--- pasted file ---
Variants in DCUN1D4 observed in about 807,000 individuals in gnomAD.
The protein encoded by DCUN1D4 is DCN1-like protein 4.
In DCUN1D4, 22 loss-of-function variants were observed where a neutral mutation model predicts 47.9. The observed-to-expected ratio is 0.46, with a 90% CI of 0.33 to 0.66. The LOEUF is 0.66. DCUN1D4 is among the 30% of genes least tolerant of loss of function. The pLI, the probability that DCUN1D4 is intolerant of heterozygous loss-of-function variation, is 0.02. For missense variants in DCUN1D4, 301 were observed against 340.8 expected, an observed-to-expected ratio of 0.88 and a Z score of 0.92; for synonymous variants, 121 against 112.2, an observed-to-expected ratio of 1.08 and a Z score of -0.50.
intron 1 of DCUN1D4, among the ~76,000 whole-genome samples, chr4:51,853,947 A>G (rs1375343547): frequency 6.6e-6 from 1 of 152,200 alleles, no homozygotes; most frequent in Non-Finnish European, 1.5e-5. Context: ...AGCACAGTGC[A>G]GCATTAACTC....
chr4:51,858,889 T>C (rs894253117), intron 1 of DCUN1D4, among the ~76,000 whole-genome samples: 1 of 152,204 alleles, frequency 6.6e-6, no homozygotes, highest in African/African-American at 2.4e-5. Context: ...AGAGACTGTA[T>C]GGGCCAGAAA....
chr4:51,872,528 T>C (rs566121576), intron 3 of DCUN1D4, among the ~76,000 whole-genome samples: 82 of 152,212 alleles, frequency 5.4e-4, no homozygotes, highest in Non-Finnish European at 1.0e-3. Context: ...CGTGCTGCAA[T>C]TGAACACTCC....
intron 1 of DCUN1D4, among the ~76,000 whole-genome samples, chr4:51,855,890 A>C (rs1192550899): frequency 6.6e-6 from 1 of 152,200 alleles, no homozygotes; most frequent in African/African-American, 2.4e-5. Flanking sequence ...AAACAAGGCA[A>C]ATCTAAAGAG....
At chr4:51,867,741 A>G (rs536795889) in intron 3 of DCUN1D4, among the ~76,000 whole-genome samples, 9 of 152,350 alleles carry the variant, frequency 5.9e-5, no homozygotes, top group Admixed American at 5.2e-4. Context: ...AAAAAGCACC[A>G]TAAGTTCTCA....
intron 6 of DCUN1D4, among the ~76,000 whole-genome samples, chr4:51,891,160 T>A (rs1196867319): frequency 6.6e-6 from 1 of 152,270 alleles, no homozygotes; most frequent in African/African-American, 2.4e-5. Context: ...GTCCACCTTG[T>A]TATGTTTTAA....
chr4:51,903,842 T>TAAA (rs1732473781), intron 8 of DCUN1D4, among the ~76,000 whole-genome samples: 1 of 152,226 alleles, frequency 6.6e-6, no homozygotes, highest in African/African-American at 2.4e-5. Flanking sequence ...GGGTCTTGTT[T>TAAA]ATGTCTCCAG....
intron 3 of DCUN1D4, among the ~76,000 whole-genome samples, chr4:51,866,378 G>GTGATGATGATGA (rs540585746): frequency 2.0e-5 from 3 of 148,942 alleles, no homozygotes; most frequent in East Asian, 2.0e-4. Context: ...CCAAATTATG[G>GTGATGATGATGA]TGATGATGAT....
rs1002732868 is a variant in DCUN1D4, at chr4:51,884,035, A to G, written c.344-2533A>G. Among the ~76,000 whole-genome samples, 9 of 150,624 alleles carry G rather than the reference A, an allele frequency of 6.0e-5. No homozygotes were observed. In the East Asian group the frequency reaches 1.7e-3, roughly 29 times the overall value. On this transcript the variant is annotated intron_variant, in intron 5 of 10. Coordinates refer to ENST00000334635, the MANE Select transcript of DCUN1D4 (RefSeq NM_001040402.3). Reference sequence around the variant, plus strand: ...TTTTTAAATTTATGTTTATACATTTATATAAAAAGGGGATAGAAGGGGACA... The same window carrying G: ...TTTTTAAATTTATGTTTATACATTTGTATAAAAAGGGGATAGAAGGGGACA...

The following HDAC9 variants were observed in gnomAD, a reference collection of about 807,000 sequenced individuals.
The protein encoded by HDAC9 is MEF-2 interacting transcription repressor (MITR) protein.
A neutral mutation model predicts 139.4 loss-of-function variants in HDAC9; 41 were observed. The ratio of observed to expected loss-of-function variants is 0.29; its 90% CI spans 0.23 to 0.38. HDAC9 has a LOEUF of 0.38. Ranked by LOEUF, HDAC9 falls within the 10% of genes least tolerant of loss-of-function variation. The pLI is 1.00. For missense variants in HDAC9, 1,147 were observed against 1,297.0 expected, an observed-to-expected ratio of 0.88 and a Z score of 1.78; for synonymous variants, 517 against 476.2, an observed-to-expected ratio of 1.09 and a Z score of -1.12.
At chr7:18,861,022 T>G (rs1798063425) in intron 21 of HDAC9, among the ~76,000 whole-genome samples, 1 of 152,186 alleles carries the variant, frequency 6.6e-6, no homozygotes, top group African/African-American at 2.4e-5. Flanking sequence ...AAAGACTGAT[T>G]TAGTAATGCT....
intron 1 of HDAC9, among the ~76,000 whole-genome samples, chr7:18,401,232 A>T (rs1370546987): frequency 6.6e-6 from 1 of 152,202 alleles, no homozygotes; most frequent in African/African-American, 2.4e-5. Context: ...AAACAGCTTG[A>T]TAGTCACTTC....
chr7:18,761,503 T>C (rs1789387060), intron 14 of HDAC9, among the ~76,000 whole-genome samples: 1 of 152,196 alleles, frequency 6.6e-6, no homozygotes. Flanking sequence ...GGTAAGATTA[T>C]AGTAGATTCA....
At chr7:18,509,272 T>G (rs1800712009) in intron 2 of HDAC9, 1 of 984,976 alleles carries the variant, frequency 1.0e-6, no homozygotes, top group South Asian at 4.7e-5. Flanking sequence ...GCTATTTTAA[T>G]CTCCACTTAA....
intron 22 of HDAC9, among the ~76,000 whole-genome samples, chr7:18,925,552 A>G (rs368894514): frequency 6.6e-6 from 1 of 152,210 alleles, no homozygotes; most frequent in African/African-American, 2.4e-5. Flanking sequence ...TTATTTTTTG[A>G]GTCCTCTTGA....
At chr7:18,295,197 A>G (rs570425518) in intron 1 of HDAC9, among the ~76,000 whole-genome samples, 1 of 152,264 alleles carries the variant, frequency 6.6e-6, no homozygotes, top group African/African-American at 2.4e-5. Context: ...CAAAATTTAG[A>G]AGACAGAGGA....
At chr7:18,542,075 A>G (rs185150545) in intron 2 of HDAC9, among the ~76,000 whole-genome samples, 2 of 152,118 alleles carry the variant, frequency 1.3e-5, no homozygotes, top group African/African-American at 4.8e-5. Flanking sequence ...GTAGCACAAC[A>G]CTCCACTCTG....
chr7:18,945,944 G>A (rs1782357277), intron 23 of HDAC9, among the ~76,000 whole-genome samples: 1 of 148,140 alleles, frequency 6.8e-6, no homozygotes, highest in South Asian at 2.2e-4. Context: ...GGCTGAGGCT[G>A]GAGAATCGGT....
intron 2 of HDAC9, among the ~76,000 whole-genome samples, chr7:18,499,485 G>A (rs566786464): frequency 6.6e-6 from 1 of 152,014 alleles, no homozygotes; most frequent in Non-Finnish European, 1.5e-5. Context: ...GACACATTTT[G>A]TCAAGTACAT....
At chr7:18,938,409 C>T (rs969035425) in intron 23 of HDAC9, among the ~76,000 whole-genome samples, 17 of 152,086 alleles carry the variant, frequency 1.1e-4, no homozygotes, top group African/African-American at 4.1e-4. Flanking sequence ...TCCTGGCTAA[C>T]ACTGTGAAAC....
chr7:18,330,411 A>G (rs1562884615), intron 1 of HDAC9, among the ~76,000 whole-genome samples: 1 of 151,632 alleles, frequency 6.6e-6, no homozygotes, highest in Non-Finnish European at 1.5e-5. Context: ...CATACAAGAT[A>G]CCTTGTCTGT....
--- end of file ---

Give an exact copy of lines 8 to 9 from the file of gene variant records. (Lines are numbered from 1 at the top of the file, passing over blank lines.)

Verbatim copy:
At chr4:51,867,741 A>G (rs536795889) in intron 3 of DCUN1D4, among the ~76,000 whole-genome samples, 9 of 152,350 alleles carry the variant, frequency 5.9e-5, no homozygotes, top group Admixed American at 5.2e-4. Context: ...AAAAAGCACC[A>G]TAAGTTCTCA....
intron 6 of DCUN1D4, among the ~76,000 whole-genome samples, chr4:51,891,160 T>A (rs1196867319): frequency 6.6e-6 from 1 of 152,270 alleles, no homozygotes; most frequent in African/African-American, 2.4e-5. Context: ...GTCCACCTTG[T>A]TATGTTTTAA....